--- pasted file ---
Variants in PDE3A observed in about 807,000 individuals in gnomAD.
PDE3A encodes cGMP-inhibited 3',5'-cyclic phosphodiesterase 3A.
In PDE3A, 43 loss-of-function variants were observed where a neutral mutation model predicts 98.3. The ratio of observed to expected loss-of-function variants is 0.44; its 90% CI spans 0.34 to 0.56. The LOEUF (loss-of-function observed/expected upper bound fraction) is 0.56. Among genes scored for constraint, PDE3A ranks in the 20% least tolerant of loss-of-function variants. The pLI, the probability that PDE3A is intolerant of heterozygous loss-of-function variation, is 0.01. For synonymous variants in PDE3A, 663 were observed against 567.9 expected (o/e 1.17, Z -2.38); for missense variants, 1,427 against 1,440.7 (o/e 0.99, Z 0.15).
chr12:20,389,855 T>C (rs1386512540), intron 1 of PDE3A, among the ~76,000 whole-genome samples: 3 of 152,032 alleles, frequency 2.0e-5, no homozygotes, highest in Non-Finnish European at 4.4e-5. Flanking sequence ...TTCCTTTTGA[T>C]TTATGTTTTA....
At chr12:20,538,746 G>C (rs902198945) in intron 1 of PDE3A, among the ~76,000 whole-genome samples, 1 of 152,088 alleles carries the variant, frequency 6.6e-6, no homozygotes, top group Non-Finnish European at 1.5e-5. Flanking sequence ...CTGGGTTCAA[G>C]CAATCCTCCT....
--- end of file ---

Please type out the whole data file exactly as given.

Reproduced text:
Variants in PDE3A observed in about 807,000 individuals in gnomAD.
PDE3A encodes cGMP-inhibited 3',5'-cyclic phosphodiesterase 3A.
In PDE3A, 43 loss-of-function variants were observed where a neutral mutation model predicts 98.3. The ratio of observed to expected loss-of-function variants is 0.44; its 90% CI spans 0.34 to 0.56. The LOEUF (loss-of-function observed/expected upper bound fraction) is 0.56. Among genes scored for constraint, PDE3A ranks in the 20% least tolerant of loss-of-function variants. The pLI, the probability that PDE3A is intolerant of heterozygous loss-of-function variation, is 0.01. For synonymous variants in PDE3A, 663 were observed against 567.9 expected (o/e 1.17, Z -2.38); for missense variants, 1,427 against 1,440.7 (o/e 0.99, Z 0.15).
chr12:20,389,855 T>C (rs1386512540), intron 1 of PDE3A, among the ~76,000 whole-genome samples: 3 of 152,032 alleles, frequency 2.0e-5, no homozygotes, highest in Non-Finnish European at 4.4e-5. Flanking sequence ...TTCCTTTTGA[T>C]TTATGTTTTA....
At chr12:20,538,746 G>C (rs902198945) in intron 1 of PDE3A, among the ~76,000 whole-genome samples, 1 of 152,088 alleles carries the variant, frequency 6.6e-6, no homozygotes, top group Non-Finnish European at 1.5e-5. Flanking sequence ...CTGGGTTCAA[G>C]CAATCCTCCT....